“Today I have come bearing an olive branch and a freedom fighter’s gun. Do not let the olive branch fall from my hand. I repeat: Do not let the olive branch fall from my hand,” Arafat told the UN General Assembly and the freedom-loving world. “War flares up in Palestine, and yet it is in Palestine that peace will be born.”

And Arafat delivered. In 1988, he began indirect negotiations with Israel, bringing an end to the violence of both sides. This gesture led to the signing of the Oslo I Accord, which I witnessed first-hand, on the lawn of the White House on Sept. 13, 1993. Arafat signed the Declaration of Principles that recognized Israel inside the 1967 borders in exchange for Palestinian self-government in the West Bank and Gaza. Arafat shook the hand of Israeli Prime Minister Yitzhak Rabin while the declarations were signed by Israeli Foreign Minister Shimon Peres and PLO Foreign Minister Mahmoud Abbas.

Arafat made the right choice to trust Rabin, who genuinely wanted to bring peace to his people and a future to the Palestinians. Together, they cleared the way for a brief period of genuine peace, but that was destroyed by an Israeli terrorist and disciple of Sharon, his former terrorist colleague Yitzhak Shamir, and their political understudy, Benjamin Netanyahu. Rabin was assassinated on Nov. 4, 1995, fracturing the peace and opening the door to the first election of Netanyahu as prime minister in June of 1996.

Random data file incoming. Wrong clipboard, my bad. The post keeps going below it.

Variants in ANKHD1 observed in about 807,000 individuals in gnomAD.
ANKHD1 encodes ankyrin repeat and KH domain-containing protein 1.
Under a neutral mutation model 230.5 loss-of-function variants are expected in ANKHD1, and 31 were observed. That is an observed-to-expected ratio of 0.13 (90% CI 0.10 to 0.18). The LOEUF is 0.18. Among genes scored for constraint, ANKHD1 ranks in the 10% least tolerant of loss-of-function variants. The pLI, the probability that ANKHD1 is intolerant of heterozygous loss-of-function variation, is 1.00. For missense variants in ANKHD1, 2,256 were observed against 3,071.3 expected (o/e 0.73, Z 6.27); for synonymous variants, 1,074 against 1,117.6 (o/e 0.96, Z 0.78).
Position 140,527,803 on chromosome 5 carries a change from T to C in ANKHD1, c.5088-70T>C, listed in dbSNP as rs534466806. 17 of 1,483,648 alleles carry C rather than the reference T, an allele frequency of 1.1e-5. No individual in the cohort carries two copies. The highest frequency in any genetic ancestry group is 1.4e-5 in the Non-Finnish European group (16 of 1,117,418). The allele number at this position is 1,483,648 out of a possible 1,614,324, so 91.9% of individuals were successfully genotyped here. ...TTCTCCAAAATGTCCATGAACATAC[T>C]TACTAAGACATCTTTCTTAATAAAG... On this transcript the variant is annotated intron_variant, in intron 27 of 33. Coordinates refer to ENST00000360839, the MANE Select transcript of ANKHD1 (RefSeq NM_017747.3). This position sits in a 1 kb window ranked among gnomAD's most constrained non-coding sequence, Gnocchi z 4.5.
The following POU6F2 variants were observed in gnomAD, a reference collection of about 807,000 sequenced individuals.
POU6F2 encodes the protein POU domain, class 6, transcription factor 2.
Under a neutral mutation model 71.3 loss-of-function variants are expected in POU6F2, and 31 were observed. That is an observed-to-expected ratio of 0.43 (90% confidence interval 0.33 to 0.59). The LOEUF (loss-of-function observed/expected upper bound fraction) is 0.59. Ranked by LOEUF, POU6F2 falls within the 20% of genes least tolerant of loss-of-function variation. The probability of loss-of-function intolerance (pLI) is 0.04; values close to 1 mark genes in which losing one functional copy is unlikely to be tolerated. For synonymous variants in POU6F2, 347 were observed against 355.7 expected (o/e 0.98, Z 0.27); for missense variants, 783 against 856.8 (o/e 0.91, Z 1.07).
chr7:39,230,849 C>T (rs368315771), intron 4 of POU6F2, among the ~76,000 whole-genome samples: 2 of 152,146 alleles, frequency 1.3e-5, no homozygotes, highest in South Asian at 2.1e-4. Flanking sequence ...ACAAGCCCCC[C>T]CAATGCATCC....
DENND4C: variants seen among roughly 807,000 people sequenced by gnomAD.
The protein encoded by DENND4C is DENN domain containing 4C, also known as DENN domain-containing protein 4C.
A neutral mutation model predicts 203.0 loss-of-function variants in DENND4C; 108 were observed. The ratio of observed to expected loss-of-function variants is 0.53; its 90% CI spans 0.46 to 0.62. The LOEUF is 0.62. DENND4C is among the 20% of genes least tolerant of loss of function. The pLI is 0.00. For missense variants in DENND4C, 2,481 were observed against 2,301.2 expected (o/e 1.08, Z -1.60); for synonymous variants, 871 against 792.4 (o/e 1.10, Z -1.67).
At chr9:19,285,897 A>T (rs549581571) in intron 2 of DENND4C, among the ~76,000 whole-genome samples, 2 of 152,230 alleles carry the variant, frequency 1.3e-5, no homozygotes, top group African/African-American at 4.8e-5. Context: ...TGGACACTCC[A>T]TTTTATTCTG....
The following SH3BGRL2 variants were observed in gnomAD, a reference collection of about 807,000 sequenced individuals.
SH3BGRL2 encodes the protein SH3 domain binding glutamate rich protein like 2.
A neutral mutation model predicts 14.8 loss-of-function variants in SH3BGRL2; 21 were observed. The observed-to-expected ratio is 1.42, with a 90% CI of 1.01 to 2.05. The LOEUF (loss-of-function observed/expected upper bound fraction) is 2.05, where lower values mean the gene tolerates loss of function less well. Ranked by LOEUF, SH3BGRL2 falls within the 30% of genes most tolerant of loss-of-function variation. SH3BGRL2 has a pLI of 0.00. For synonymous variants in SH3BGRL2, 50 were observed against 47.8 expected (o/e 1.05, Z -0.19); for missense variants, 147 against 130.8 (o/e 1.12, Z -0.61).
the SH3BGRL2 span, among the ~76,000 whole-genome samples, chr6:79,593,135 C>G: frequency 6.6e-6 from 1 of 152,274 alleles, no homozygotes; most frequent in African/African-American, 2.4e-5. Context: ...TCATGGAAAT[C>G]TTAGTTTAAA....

This section contains relevant reference points, placed in (Opinion field)

Several efforts were made to build on the Oslo Accords, including the 2000 Camp David summit between Arafat and Ehud Barak, who had succeeded Netanyahu in July 1999. However, the negotiations, which were led by US President Bill Clinton, collapsed. Barak blamed Arafat, while Arafat’s people blamed Barak. The Israelis falsely asserted that Barak offered Arafat everything, including a share of Jerusalem, compensation to refugees, and 90 percent of the West Bank. But none of the so-called peace gestures from Barak were ever formally written down. The peace offer became Israel’s propaganda lie to undermine the movement for peace based on compromise.

Barak’s failure to reach a new compromise with Arafat opened the door to a second opportunity for Israeli extremists to destroy the Rabin-Arafat peace. On Sept. 28, 2000, surrounded by hundreds of armed Israeli police, opposition leader Ariel Sharon entered Al-Haram Al Sharif and provoked a new conflict with the Palestinians, resulting in more bloodshed and even worse oppression.

Sharon sought to destroy the peace accords and humiliate Arafat, who he tried to have assassinated several times prior to the peace talks. In 2002, Sharon ordered Israel’s military to surround Arafat’s compound in Ramallah and not let him leave. Arafat became deathly ill while under Sharon’s total military control, raising suspicions that Sharon had finally achieved his goal of assassinating the Palestinian leader. Arafat was permitted to seek medical help in France, where he died on Nov. 11, 2004.

Arafat was a hero and role model whose legacy continues to remind us that the price of peace and justice for Palestine is steep, but it is a goal that is worth our collective sacrifice. Hopefully we may find a new Arafat to lead Palestinians through today’s difficult times.